Quick update on the Euro

This morning, EZ August flash inflation came in at 0.3% YoY and confirmed falling trend (from 0.4% in July). The ECB meets next week (September 4) and the market is pricing some action: talks of corridor rates cut, updates on the ABS program…

My advice is ‘stay short EURUSD’ for those who got in already, or wait for a bounce back above the 1.3200 level for entering a short position. Large offers are seen at 1.3200 – 1.3250 (combined with huge expiries, 4bn Euros of vanilla option according to Reuters). Though the first support stands at 1.3100 where we might see a pause, my MT target remains at 1.3000. After German retail sales printed much lower than expected at -1.4% MoM in July (vs. 0.1% consensus), Italian quarterly unemployment rate rose to 12.6% in July (vs 12.3% expected) and preliminary inflation (EU Norm) entered into a negative territory, printing at -0.2% YoY and joining Greece, Spain and Portugal in recording annual consumer-price declines.

Peripheral yields picked up a bit, with the 10-year Italian and Spanish yields trading at 2.44% and 2.24% respectively, up from Wednesday’s low of 2.36% and 2.09%.

My view goes for a corridor rate cut in order to optimize the T-LTROs (first starting on Sept 18). ABS purchases sound a bit premature…

EURUSD-29-Aug(1)

(Source: Reuters)

Another way to play the Euro at the moment would be against GBP as I believe the market has overreacted to the some data disappointments and a slightly dovish QIR (Quarterly Inflation Report) back on August 13th. Good resistance level is at 0.7960/5, therefore going short EURGBP at around that level with a first target at 0.7880 (stop loss above 0.8020) could be a good strategy. Bank of England is also meeting next week but I expect it to be a non-event.

Risk-ON and US Dollar strength persist…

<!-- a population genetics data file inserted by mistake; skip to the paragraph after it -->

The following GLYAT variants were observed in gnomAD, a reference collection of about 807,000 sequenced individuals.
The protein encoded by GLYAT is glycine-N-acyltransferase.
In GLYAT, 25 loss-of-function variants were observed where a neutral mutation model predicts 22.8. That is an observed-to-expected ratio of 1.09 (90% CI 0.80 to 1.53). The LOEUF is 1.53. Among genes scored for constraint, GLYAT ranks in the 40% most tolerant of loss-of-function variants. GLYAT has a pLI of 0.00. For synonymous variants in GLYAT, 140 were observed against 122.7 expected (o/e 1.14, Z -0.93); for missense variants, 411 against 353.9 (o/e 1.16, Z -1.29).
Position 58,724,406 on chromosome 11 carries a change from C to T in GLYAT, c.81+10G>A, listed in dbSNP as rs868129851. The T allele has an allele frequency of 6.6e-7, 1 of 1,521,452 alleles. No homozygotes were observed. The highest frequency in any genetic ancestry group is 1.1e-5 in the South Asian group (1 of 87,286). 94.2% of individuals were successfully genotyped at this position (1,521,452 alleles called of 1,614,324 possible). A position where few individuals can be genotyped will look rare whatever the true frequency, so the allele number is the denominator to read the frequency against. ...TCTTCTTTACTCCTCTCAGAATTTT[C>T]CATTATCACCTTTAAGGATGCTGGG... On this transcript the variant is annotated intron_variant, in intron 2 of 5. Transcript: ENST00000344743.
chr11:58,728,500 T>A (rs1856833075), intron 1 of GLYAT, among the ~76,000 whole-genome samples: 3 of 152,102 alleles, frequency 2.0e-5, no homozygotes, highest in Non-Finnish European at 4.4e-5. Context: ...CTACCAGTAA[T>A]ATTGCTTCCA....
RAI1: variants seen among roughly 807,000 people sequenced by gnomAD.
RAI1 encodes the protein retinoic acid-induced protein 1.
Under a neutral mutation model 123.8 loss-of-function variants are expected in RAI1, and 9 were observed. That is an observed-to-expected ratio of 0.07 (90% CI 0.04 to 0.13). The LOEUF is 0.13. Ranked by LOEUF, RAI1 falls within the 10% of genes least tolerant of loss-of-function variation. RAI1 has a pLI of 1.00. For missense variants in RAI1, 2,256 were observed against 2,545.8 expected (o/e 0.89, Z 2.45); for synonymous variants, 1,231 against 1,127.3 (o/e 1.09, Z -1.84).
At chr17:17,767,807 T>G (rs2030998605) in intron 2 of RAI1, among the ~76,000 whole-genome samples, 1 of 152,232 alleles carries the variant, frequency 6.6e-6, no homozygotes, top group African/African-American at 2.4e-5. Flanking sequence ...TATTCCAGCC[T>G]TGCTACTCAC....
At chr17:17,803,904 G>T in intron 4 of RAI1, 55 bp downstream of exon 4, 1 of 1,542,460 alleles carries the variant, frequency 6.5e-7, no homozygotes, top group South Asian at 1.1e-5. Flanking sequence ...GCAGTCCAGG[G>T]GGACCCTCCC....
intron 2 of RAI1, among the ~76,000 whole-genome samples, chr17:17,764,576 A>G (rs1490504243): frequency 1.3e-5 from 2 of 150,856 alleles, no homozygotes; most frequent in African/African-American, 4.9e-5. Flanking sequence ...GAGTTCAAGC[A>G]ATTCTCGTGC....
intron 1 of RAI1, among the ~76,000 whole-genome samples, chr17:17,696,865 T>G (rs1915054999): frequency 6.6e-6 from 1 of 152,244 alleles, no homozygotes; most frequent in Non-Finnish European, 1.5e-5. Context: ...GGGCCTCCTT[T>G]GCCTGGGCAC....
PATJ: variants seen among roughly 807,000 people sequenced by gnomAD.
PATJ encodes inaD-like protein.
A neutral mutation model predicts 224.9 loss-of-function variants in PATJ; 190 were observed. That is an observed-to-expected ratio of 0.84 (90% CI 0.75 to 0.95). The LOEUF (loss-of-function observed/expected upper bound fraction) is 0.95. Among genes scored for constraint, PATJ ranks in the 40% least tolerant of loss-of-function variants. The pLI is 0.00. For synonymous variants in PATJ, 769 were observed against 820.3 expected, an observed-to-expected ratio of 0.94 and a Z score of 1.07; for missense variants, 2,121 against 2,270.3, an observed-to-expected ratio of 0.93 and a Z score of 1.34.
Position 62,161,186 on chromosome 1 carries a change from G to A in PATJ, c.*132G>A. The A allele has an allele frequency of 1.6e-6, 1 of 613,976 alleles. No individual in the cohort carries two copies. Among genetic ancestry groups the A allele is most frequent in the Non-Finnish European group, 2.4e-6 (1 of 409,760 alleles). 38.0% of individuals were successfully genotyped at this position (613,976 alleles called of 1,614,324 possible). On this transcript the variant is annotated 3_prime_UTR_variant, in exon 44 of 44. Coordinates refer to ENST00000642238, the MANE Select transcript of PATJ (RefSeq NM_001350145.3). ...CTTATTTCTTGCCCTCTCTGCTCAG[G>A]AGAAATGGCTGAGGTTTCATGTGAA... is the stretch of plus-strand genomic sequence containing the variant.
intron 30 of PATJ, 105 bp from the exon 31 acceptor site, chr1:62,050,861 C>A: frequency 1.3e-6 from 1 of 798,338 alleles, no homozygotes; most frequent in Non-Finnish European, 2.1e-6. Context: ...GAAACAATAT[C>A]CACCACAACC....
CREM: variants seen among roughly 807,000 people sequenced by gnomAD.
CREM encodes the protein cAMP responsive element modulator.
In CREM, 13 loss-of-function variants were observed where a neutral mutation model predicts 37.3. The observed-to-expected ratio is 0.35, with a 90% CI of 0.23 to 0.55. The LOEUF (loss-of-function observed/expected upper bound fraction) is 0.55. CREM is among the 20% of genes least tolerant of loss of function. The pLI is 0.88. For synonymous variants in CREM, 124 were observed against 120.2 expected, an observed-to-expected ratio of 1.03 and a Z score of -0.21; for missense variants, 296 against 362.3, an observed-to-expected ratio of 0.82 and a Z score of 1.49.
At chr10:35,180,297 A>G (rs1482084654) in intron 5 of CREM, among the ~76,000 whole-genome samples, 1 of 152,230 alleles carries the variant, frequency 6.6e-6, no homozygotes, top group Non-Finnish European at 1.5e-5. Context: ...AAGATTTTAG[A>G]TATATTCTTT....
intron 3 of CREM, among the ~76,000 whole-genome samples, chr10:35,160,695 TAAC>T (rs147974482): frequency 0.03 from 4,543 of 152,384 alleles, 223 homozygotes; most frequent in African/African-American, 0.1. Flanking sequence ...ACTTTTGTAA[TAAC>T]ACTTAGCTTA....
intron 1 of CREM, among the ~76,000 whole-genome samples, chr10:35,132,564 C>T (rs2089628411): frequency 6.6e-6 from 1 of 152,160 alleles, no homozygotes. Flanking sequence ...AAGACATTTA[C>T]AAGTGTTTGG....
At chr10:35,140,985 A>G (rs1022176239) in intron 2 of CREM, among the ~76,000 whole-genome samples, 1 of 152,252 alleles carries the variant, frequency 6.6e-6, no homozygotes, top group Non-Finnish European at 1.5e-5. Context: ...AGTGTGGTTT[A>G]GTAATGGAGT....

While tensions in Syria are still elevated with a second American ISIS fighter killed in a battle, Gazprom beginning accepting payment in Rubles and Chinese Yuan (via the ESPO – Eastern Siberia Pacific Ocean – pipeline), Ebola outbreak causing enormous damage to West African economies (economic growth expected to plunge by 4% in the region according to the African Development Bank), Argentina’s black market peso completely out of control tumbling to over 14 / USD (14.45 according to Argentine newspaper Ambito), French jobseekers surging to record high of 3.424 million (with PM Manuel Valls blaming the ECB to do more as QE was the solution to everything) and IMF head Christine Lagarde put under a formal probe for negligence in a corruption investigation… AUDJPY continues to climb and is now trading above the 97.00 level for the first time since June 2013 and the S&P500 closed above the 2,000 for the second time in history.

AUDJPY(1)

(Source: Reuters)

While European bourses have been also climbing during the same period with DAX and CAC40 both up approximately 6.5% for instance, yields on all German bonds out to 3 years are now negative (see current German yield curve in green) with the 10-year Bund 90.1bps and French 10-year OAT yield trading at all-time-low at 1.25%. The orange curve represents the German yield curve 1 month ago, and the histogram tells us the change over the past month).

image001(1)

(Source: Bloomberg)

Euro: the single currency still remains under pressure and is now trading below the 1.3200 level against the greenback, down 8 figures since May meeting (Draghi’s ‘ready to act next meeting’). It seems that the market is expecting more easing measures at the ECB meeting next week (September 4). As growth is weakening, the ECB will be much more intolerant of low inflation (flash August Inflation is expected to fall to 0.3% YoY from 0.4% the previous month) and high unemployment rate (currently stands at 11.5%). As a reminder, ECB staffs reduced its annual inflation forecasts in Q3 from 0.9% to 0.7% for the year 2014 and from 1.3% to 1.2% for 2015. With the 5Y5Y Euro inflation swap – ECB’s preferred measure of MT inflation – falling below the 2% level, investors are predicting another cut in the last quarter of this year therefore raising expectations of further measures from the ECB Governing Council. In addition, we saw this morning that loans to private sector fell by 1.6% in July (vs. -1.5% consensus) while M3 money supply grew by 1.8% from a revised 1.6% in June.